But here’s my wine, and I suddenly know that no one else is going to toast me, no one else is going to acknowledge how momentous today was and what an achievement it has been to just get here in one piece. I got on the damn train to Melbourne rather than walking in front of it. This was my day, this is my moment, and although I’ve spent most of the day shaking and close to tears, it really was one hell of a time. I raise my glass to myself, just a tiny bit so no one knows what I’m doing. And I blink the tears away and try to breathe.  There’s no self pity here, I promise, it’s just the way it is. It’s quite OK. I need to get better at cheering myself on.

I’m alone in this moment, and it feels pretty damn good. This little space of time, for me and my glass of wine, is golden. For just a bit I am the luckiest girl in the world.


Me x

(Yeah, I know, it was a big postcard.)


  1. What's interesting to me is the flip side of this: I sometimes feel that whenever something really great happens, it hasn't really happened until I've told my husband and my mum. I can't really celebrate without their approval. What this means in the context of my mum's illness is, occasionally, troubling. Will things only be half as exciting when she's not around? Will I spend the rest of my life half-celebrating?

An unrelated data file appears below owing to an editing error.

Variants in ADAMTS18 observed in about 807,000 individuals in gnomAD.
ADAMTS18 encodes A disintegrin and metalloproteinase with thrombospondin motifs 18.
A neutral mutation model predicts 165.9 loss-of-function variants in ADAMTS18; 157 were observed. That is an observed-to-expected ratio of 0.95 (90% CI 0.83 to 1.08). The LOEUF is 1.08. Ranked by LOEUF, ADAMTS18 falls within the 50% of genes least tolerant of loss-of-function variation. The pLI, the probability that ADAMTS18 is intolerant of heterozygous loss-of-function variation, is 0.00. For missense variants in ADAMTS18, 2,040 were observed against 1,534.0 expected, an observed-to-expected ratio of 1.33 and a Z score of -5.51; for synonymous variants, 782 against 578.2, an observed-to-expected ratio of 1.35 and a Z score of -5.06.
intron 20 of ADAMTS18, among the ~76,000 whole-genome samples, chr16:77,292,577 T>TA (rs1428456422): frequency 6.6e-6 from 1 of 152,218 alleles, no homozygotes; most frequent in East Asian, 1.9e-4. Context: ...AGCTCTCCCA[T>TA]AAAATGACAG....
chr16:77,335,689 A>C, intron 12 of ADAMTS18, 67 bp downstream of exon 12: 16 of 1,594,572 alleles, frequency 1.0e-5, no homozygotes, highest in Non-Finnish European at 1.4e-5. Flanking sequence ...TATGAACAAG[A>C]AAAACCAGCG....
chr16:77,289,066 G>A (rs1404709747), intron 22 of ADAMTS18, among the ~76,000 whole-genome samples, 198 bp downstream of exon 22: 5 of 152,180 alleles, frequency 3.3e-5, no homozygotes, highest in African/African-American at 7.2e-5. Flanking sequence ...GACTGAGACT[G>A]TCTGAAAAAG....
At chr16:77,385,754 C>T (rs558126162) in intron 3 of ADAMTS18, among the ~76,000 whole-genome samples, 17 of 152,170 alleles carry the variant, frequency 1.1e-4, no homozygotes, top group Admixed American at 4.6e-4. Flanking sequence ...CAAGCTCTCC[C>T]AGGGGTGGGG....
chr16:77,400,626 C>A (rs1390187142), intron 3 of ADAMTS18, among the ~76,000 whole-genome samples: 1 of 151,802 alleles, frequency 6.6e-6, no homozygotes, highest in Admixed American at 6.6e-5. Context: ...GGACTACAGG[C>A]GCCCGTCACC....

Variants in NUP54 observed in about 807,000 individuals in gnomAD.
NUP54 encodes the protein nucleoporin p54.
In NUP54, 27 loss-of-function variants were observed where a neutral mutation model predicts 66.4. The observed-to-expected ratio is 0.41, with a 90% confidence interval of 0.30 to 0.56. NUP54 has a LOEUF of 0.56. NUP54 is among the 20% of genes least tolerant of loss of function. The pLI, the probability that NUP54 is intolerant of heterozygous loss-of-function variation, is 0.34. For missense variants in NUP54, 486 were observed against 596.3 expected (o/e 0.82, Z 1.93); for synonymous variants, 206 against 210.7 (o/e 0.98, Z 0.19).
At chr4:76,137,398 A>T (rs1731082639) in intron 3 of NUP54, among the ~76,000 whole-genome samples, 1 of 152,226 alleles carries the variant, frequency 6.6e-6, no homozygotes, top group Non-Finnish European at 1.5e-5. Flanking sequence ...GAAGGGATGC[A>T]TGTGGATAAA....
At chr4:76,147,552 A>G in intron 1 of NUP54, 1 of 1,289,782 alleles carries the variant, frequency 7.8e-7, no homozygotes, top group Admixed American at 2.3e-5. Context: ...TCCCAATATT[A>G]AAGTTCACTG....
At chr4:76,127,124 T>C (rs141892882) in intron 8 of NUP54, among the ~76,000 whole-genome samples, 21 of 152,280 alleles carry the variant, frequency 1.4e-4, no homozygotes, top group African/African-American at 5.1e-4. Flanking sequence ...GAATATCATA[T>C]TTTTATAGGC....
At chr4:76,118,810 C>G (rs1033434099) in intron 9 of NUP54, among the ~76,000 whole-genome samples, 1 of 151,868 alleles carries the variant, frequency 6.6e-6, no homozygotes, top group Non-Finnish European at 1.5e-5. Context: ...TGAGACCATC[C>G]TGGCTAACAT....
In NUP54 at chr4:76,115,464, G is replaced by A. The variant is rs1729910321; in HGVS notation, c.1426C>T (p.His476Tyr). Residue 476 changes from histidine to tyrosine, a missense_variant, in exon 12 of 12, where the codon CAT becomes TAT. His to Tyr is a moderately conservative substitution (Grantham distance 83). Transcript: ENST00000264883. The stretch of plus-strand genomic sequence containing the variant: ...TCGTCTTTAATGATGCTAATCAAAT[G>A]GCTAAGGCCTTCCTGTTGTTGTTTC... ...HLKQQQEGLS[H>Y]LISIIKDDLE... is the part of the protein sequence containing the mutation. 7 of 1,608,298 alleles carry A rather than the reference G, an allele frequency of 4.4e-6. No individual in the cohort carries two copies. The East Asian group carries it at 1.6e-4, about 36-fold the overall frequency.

I think I need to get better at cheering myself on too, just in case. In the meantime, I'll be raising a glass of wine to you tonight. I have no doubt that you were indeed truly excellent. Cheers!

    1. Oh, Kirsty - thanks so much, what a lovely first comment.

      I really do know what you mean, and I think that very difference is partly why I'm not good at it. Good news and various successes do feel so much more real when we share them with people we love, I believe that strongly. But because I'm not good at asking for what I need and want, and because I rarely see the people with whom I am close (my sister being the exception), I have to get better at celebrating my small thrills.

      The trip was more than two months ago, but this drink on my second last night in town was one of my favourite bits and I've been thinking about it a lot.

  2. *Raises a glass of vermouth* To my Mozzie!!!

    This is so true, I agree, it's difficult to celebrate on your own, these small moments of happiness are better shared, and I hear you about the single situation, but we'll get to it.

    I think celebrating on our own is one of the most difficult things to do, yet very important and brave. You took a big leap there, you must be and should be very proud and as I've already said, I trust your mentor and I'm sure you were amazing. This was a big deal and you passed it with flying colours.

    (As for me, I have to share my small achievements with my parents, specially with my mum and a special friend).

    SALUD! Loves ya!

  3. We'll have to toast your achievement when you're next in Melb!

    1. Aw, thanks love - but I'm hoping there'll be more to celebrate when we hang out next!

  4. xx

    Sorry I missed this one. Raising a belated glass.